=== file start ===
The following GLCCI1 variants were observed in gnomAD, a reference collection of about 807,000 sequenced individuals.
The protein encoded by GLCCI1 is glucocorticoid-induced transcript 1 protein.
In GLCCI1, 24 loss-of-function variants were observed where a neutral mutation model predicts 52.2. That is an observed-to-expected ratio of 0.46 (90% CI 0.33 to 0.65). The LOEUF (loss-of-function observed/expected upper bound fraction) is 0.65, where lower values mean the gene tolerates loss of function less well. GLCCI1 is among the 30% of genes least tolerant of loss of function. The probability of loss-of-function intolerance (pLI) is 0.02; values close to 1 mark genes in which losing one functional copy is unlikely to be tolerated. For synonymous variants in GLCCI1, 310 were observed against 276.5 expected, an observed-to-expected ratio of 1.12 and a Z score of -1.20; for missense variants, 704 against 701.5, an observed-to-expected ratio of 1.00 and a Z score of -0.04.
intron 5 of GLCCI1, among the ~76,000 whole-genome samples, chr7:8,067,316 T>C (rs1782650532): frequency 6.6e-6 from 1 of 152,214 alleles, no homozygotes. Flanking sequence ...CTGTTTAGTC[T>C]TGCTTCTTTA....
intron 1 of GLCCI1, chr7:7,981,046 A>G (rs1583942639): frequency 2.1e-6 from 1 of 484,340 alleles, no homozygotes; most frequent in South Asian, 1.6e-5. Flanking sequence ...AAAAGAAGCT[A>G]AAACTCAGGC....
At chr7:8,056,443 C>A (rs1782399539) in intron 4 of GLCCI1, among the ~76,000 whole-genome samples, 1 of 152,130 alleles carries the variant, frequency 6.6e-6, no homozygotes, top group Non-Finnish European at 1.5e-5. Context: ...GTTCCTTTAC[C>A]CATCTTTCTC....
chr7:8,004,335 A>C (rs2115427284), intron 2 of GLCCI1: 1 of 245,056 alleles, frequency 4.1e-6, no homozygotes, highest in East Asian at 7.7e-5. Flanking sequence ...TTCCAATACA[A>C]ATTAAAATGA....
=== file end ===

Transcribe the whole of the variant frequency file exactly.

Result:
The following GLCCI1 variants were observed in gnomAD, a reference collection of about 807,000 sequenced individuals.
The protein encoded by GLCCI1 is glucocorticoid-induced transcript 1 protein.
In GLCCI1, 24 loss-of-function variants were observed where a neutral mutation model predicts 52.2. That is an observed-to-expected ratio of 0.46 (90% CI 0.33 to 0.65). The LOEUF (loss-of-function observed/expected upper bound fraction) is 0.65, where lower values mean the gene tolerates loss of function less well. GLCCI1 is among the 30% of genes least tolerant of loss of function. The probability of loss-of-function intolerance (pLI) is 0.02; values close to 1 mark genes in which losing one functional copy is unlikely to be tolerated. For synonymous variants in GLCCI1, 310 were observed against 276.5 expected, an observed-to-expected ratio of 1.12 and a Z score of -1.20; for missense variants, 704 against 701.5, an observed-to-expected ratio of 1.00 and a Z score of -0.04.
intron 5 of GLCCI1, among the ~76,000 whole-genome samples, chr7:8,067,316 T>C (rs1782650532): frequency 6.6e-6 from 1 of 152,214 alleles, no homozygotes. Flanking sequence ...CTGTTTAGTC[T>C]TGCTTCTTTA....
intron 1 of GLCCI1, chr7:7,981,046 A>G (rs1583942639): frequency 2.1e-6 from 1 of 484,340 alleles, no homozygotes; most frequent in South Asian, 1.6e-5. Flanking sequence ...AAAAGAAGCT[A>G]AAACTCAGGC....
At chr7:8,056,443 C>A (rs1782399539) in intron 4 of GLCCI1, among the ~76,000 whole-genome samples, 1 of 152,130 alleles carries the variant, frequency 6.6e-6, no homozygotes, top group Non-Finnish European at 1.5e-5. Context: ...GTTCCTTTAC[C>A]CATCTTTCTC....
chr7:8,004,335 A>C (rs2115427284), intron 2 of GLCCI1: 1 of 245,056 alleles, frequency 4.1e-6, no homozygotes, highest in East Asian at 7.7e-5. Flanking sequence ...TTCCAATACA[A>C]ATTAAAATGA....